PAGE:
A 2-day Chapter

I have a writing routine. It’s been so screwed up lately, I cling to the idea I have one. But life happens. My sister takes care of my cousin with cerebral palsy, and Jenny’s health has gone awry. I try to help my sister, but there are so many issues lately, I mostly get phone calls of my sister crying, not sure how to help Jenny through all of the new crises.

Between phone calls and going over to sit with Jenny so my sister can leave the house, I’ve been writing. And I’m making progress, but boy, is it slow. I’m past half of the first draft of my straight mystery. I started it as Volunteering For Trouble, but that sounds too much like a cozy, so now I’m calling it Posed In Death, and I hope that sticks. But who knows? I’ve been trying to write one chapter on it a day, but if I get too many calls in one day, things get shaky. BUT, I hit a big turning point chapter, and I had enough time to get it right, so I wrote it. But, I know myself, and I knew it would need a lot more work the second day.

Thank God for second days and rewrites. Writing emotional scenes is hard for me. I’m not a truly emotional person. I’m more goal oriented. I know–just like my books. Gwen Plano over at Story Empire wrote a fascinating blog today about how you can get to know an author by what he/she writes. Accompanying the Writer | Story Empire (wordpress.com) I’m not sure what my writing says about me, but it’s an interesting read.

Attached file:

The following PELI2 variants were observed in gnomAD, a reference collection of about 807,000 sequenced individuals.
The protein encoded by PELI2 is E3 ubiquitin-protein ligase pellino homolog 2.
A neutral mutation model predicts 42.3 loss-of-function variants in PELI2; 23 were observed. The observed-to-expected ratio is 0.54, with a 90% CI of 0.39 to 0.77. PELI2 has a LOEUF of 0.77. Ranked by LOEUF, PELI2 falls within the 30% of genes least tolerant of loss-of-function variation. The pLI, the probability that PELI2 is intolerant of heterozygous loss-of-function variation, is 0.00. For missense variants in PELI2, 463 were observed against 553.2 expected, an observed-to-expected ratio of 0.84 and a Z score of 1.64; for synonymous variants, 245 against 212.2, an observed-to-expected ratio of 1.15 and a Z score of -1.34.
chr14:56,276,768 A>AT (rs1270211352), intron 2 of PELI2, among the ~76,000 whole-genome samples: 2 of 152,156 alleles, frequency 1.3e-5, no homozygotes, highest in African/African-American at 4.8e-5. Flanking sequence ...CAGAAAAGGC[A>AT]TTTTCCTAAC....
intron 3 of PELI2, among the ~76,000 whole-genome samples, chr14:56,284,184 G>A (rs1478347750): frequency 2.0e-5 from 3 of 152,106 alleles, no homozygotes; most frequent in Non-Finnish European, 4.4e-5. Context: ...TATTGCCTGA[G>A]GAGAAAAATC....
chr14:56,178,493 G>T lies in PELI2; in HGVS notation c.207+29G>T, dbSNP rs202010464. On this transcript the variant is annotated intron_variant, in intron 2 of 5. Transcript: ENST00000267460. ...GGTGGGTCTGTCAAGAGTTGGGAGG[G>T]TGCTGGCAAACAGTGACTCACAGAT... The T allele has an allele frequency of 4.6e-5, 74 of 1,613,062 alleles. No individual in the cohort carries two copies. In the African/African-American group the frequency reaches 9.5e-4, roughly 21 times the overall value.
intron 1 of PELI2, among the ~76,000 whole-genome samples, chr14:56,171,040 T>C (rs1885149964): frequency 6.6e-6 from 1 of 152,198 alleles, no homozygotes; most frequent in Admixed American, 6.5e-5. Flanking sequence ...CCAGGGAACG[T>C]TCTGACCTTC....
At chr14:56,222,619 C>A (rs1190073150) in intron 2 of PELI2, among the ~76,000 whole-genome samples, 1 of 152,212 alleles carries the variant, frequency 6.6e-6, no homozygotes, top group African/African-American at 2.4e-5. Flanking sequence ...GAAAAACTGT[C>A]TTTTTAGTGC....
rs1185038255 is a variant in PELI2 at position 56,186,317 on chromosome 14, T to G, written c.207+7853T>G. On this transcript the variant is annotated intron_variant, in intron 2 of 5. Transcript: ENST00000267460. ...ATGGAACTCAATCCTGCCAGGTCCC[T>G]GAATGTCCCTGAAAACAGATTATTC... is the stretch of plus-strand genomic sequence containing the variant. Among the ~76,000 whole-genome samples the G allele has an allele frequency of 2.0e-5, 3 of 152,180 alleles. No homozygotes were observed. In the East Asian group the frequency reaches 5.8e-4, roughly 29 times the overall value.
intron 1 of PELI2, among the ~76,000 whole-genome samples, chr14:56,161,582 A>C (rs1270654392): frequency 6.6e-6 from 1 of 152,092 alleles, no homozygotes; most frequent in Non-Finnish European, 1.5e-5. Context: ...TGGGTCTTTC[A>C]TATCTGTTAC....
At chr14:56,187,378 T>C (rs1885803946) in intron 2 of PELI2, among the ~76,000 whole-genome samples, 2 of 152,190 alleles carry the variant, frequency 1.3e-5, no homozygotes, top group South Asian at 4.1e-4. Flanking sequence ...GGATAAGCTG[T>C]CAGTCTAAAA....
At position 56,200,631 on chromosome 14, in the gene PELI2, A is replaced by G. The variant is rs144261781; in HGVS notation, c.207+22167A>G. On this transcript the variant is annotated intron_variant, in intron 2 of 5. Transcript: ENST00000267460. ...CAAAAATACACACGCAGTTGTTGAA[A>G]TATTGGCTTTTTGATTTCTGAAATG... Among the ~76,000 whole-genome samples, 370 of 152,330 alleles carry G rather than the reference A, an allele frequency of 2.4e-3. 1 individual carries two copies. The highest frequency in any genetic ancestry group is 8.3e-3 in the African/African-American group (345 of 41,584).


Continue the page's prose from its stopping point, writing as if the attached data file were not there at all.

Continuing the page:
Anyway, in my story I reached a turning point between Laurel and Nick. They’re both widows, and they’re both lonelier than they realized. So I wrote the scene in one day, and when I looked at it the next day, it took me the ENTIRE day to fill in all of the things I didn’t say. I have friends who fly through emotions in scenes. I can’t do it. One of my friends analyzed handwriting, even did court cases, and she told me to open my a’s and o’s because I close them up, showing that I hold in my emotions. I’ve tried. Believe me, I’ve REALLY tried, but my a’s and o’s are still closed once I don’t focus on them. A bummer. But after listening to Ann, I KNOW that I’m not going to get emotional scenes right the first time I write them.

You learn things about yourself as you write–your strengths and weaknesses. And that’s a good thing. I know I’m good at plotting. I’m practical. I like the cause and effect. I’m not so good at expressing my emotions, but I can eventually get there, if I keep trying. I love analyzing characters, figuring out what drives them, and I’m ferociously loyal–whether that’s a good thing or a bad. And I love nurturing people. My Jazzi series probably shows that. Moe than I realized before I read Gwen’s blog. I’m not sure what my paranormal fiction says about me, but maybe that’s a good thing:).

What do you think? Can you understand the author by what he or she writes? If you read Gwen’s blog, what’s your reaction?

27 thoughts on “A 2-day Chapter

      1. Thanks for asking. I appreciate your interest more than you know.

        I’m in a state of flux right now. I just finished a short novel that was supposed to be a giveaway to a completed trilogy. But the trilogy (which I did get the rights to) is kind of a mess and needs some love before I release it. So I have some decisions to make. I could release the short novel as I work on the trilogy or I could hold on to it and use it later as the marketing tool it was designed for, after I get the trilogy into shape. I’m just so disgusted with the whole process right now, I’m kind of frozen. I do need to make a decision soon, though.

        You’ll know as soon as I figure out my next move.

        Liked by 2 people